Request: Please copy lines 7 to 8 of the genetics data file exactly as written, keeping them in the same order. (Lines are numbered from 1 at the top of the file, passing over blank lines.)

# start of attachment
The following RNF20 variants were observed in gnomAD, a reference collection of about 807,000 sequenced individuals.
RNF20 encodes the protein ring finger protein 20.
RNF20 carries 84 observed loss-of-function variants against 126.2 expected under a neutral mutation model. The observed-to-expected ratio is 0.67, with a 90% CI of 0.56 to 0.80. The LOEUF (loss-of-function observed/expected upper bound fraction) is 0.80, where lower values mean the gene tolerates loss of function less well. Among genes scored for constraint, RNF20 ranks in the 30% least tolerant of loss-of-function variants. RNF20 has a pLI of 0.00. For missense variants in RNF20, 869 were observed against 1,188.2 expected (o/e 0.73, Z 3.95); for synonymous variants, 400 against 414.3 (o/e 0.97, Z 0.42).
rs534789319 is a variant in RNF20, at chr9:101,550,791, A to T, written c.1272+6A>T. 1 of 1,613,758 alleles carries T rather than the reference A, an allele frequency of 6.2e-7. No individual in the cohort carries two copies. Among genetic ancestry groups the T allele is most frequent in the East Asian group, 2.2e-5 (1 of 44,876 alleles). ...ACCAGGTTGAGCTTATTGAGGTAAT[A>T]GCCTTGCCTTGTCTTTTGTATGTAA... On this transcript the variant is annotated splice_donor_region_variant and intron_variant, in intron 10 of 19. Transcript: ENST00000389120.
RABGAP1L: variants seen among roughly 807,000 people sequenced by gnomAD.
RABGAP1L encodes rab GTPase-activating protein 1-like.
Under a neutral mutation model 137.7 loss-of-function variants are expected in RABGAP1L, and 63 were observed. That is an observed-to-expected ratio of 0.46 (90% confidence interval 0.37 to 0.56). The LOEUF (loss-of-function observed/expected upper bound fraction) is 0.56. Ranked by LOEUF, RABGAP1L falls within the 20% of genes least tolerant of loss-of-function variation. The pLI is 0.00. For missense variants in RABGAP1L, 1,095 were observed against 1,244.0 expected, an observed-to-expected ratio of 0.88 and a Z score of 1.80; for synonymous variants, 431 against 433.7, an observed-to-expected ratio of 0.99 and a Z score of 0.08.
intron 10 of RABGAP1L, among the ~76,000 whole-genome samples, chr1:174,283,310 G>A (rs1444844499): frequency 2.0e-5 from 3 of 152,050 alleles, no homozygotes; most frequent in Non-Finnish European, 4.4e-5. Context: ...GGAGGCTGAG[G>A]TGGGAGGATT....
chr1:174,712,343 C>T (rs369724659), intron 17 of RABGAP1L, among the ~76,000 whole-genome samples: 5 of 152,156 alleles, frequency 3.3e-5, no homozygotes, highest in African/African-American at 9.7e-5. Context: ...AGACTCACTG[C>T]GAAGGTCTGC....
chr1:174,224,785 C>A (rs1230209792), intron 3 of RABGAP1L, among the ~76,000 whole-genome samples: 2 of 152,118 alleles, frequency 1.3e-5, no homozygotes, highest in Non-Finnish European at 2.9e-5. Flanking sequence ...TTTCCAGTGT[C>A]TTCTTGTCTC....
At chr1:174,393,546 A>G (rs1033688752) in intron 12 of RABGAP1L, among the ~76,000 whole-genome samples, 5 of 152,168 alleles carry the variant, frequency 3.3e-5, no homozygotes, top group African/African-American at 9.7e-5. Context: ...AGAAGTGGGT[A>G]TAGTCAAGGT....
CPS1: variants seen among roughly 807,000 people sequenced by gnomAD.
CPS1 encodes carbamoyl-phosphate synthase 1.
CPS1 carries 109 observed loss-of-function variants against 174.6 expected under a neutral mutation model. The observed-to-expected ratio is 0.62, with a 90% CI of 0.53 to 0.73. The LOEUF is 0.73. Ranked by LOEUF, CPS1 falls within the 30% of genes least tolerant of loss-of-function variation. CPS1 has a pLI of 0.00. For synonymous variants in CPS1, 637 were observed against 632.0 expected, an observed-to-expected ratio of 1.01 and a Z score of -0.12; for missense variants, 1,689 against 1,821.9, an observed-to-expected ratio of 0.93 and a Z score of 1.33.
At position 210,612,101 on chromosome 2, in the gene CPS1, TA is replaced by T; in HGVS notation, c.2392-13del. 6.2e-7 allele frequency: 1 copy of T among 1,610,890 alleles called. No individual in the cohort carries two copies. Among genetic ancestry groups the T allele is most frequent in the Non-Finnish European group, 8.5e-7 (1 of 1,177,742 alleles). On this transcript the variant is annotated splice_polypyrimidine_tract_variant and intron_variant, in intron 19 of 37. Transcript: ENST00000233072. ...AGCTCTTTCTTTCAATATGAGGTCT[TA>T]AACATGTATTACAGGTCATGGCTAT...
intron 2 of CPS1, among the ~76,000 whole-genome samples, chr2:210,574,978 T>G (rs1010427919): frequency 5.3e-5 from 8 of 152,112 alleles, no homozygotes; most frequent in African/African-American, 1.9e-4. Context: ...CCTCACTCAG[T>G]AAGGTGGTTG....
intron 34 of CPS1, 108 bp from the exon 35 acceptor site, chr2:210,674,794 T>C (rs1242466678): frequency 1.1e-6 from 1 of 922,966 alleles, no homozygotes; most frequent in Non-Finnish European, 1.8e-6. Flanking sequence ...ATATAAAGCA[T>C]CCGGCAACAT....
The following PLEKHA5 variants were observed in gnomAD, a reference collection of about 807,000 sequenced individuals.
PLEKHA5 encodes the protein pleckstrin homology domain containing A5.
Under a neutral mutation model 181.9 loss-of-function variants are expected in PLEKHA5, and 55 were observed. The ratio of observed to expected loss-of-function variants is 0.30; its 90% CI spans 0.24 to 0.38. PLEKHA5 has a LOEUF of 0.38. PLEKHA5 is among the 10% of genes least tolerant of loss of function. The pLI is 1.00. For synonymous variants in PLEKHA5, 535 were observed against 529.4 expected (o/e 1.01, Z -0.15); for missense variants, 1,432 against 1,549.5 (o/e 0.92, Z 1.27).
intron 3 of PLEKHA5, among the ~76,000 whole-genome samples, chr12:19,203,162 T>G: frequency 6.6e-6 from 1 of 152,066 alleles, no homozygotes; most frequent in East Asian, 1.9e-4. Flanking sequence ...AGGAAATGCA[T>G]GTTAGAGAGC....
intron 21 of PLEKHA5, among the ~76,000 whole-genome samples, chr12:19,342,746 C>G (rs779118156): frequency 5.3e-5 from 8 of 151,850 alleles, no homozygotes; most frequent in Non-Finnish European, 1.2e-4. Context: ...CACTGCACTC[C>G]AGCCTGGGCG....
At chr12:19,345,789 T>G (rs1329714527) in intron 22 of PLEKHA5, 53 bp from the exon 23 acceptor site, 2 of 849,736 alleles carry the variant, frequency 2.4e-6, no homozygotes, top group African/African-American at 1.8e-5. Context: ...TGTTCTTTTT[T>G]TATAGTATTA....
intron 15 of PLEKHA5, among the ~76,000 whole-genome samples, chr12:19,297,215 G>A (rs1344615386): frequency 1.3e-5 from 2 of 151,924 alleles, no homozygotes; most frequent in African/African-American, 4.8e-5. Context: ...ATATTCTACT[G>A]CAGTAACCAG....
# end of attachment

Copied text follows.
Under a neutral mutation model 137.7 loss-of-function variants are expected in RABGAP1L, and 63 were observed. That is an observed-to-expected ratio of 0.46 (90% confidence interval 0.37 to 0.56). The LOEUF (loss-of-function observed/expected upper bound fraction) is 0.56. Ranked by LOEUF, RABGAP1L falls within the 20% of genes least tolerant of loss-of-function variation. The pLI is 0.00. For missense variants in RABGAP1L, 1,095 were observed against 1,244.0 expected, an observed-to-expected ratio of 0.88 and a Z score of 1.80; for synonymous variants, 431 against 433.7, an observed-to-expected ratio of 0.99 and a Z score of 0.08.
intron 10 of RABGAP1L, among the ~76,000 whole-genome samples, chr1:174,283,310 G>A (rs1444844499): frequency 2.0e-5 from 3 of 152,050 alleles, no homozygotes; most frequent in Non-Finnish European, 4.4e-5. Context: ...GGAGGCTGAG[G>A]TGGGAGGATT....